Environmental Bio 8/25 notes
Environmental Bio 8/25 notes Bio 105
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This 3 page Class Notes was uploaded by Michelle Le on Thursday August 25, 2016. The Class Notes belongs to Bio 105 at West Virginia University taught by Elizabeth Thomas in Fall 2016. Since its upload, it has received 46 views. For similar materials see Environmental biology in Biology at West Virginia University.
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Date Created: 08/25/16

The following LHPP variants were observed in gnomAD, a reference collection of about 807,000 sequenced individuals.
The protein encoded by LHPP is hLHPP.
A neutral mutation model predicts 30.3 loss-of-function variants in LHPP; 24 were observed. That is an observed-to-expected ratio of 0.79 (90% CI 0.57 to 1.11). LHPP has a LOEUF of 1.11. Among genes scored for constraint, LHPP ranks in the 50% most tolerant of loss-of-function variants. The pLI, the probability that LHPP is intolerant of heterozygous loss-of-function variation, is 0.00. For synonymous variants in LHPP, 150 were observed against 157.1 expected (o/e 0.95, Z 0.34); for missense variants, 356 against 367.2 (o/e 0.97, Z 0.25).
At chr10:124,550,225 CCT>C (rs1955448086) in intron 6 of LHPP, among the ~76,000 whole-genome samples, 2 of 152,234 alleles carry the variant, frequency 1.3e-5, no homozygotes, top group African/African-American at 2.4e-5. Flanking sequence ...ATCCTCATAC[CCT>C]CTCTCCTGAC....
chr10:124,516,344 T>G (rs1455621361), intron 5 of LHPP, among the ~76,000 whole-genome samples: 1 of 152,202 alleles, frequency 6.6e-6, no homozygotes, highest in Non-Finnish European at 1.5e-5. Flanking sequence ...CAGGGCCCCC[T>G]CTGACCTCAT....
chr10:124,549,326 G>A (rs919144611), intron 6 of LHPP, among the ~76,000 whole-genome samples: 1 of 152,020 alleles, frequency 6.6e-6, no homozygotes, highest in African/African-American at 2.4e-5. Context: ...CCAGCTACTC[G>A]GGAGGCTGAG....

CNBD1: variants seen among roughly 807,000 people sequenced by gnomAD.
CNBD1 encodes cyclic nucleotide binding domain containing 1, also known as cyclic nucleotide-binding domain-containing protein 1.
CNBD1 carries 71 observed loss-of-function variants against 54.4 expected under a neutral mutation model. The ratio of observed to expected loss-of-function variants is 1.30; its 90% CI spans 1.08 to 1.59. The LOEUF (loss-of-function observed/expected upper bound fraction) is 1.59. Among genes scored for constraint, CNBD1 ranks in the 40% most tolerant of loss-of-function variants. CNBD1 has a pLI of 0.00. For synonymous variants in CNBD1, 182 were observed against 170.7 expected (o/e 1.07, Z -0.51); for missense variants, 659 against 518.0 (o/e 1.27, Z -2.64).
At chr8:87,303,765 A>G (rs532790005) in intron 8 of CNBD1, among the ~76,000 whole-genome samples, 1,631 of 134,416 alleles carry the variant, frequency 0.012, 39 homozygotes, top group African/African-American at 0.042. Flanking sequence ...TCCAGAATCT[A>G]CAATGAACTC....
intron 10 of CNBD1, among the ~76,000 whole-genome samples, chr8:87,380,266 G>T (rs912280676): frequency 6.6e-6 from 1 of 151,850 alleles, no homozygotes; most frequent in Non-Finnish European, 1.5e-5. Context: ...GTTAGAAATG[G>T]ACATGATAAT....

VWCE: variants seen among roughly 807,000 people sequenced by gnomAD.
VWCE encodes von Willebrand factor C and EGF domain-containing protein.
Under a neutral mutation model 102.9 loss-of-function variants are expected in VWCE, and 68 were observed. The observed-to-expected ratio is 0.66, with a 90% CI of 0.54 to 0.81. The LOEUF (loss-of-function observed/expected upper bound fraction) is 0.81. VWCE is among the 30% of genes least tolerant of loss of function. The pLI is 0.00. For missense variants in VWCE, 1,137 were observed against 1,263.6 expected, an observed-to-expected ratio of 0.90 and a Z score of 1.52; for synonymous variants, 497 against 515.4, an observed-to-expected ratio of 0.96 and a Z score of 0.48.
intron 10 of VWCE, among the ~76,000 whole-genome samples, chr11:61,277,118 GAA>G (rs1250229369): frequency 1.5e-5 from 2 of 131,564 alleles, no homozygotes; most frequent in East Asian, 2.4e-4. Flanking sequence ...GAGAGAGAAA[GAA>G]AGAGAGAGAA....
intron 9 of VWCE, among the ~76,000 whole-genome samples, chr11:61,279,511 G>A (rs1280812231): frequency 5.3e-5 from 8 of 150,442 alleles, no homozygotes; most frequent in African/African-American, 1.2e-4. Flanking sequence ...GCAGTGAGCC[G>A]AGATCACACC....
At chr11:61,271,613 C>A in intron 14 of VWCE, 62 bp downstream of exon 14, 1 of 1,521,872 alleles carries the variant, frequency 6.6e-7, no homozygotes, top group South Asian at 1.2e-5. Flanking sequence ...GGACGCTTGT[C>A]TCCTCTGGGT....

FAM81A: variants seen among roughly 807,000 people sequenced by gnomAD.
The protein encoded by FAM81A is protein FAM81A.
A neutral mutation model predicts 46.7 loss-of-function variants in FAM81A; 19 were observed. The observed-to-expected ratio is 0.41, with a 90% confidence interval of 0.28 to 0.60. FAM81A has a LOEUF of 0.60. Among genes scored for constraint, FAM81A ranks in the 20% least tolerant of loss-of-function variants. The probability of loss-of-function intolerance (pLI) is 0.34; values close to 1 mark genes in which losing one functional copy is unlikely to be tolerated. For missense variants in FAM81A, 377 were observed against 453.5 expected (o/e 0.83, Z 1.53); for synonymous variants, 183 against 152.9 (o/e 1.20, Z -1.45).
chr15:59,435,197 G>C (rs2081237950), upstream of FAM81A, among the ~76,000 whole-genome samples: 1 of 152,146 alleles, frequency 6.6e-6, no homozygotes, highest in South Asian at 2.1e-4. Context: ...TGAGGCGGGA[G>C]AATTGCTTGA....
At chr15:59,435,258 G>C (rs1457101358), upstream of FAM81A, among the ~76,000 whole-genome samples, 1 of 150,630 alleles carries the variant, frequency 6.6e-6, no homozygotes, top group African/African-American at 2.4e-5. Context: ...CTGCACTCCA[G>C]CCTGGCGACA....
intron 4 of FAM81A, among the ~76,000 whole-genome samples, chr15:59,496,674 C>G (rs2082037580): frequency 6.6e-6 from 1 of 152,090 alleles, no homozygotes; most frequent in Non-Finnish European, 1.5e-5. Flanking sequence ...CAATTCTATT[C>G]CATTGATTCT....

8/25 notes Environmental Bio for Elizabeth Thomas Class Pollution PollutionIntroducing a harmful or poisonous chemical or substance to an environment Loss of Biodiversity Loss in number of certain or different species in an environment Major of type of pollution: Heat, noise, light, chemical, biological ~Water and air pollution are types of pollution yet not considered to be major in effect with the population of living things Point Source Pollution: A specific point or area where the pollution can be discovered or easily traced. NonPoint Source Pollution: A source of pollution that can’t be directly sourced like cars/trucks, etc Indirect in discharge into the water can include runoffs like urban and agricultural (NonPoint Source pollution) Direct Discharge into the water can include dumping toxins, factories, sewage treatment plants (Point source pollution) Major pollution issues Dilution The process of diluting a liquid and or making the liquid weaker in some way Biomagnification the process when a pollutant compound of toxins inside an organism and or plant widely disburses out Chemical Reactions Pollution Control 1.) Pre pollution The complete prevention 2.) Reduce the pollution amount in order to have a higher efficiency Ecological Demand The concerns in relation to the living organisms and the area surround them. Use of the supply and or resources plus the demands in the evenly disbursed. Population is one of the reasons for pollution yet not the only reasons since many other reasons. Technological and Ecological Demand Increasing Societal Complexity When society becomes more technologically advanced or complexed Ecological Footprint Ecological Footprint The numbers of earth it would require for people to live if the people lived like you in that particular area Reduction Goals: Government Regulations such as higher taxes and or higher costs Being conscious on what we use and what we reuse Less emphasis on needing materialistic stuff Global Change Air purification Removing any sort of contaminants and or toxins in our air Water Purification Removing any sort of contaminants and or toxins in our bodies of water and or water itself Nutrient Recycling Decomposing matter into nutrients BiodiversityThe variety of different species and or life in a particular area and or ecosystem Fertile Soil Formation The forming of soil that is fertile for plants to grow. ~Fertile soil has the abundance of nutrients that help and are needed for plants to grow. Renewable Resource A resource that can be replaced over time such as paper, etc NonRenewable Resource A resource that cannot be replaced over time such as natural gasses, etc Green House Effect Greenhouse Effect Solar radiation from the sun being transmitted into the Earth Positive radiative forces will transmit warmth to the earth Negative radiative forces will transmit cooling to the earth Greenhouse Gases: Nitrous oxide, water vapor, carbon dioxide, oxygen, CFC’s, HFC’s, CFC’s replacement, ozone and CH8 Albedo The amount of light a particular area reflects Low albedo is positive while high albedo is negative Ex’s of albedo: When the surface without any snow or ice absorbs more heat which causes a low and or negative albedo When the surface that has ice and or snow reflects to have more heat which causes high or negative albedo ~Mainly deals with increase and or decrease in temperature so not either good or bad Climate The long term averages of the conditions and or weather patterns from over a 30+year period
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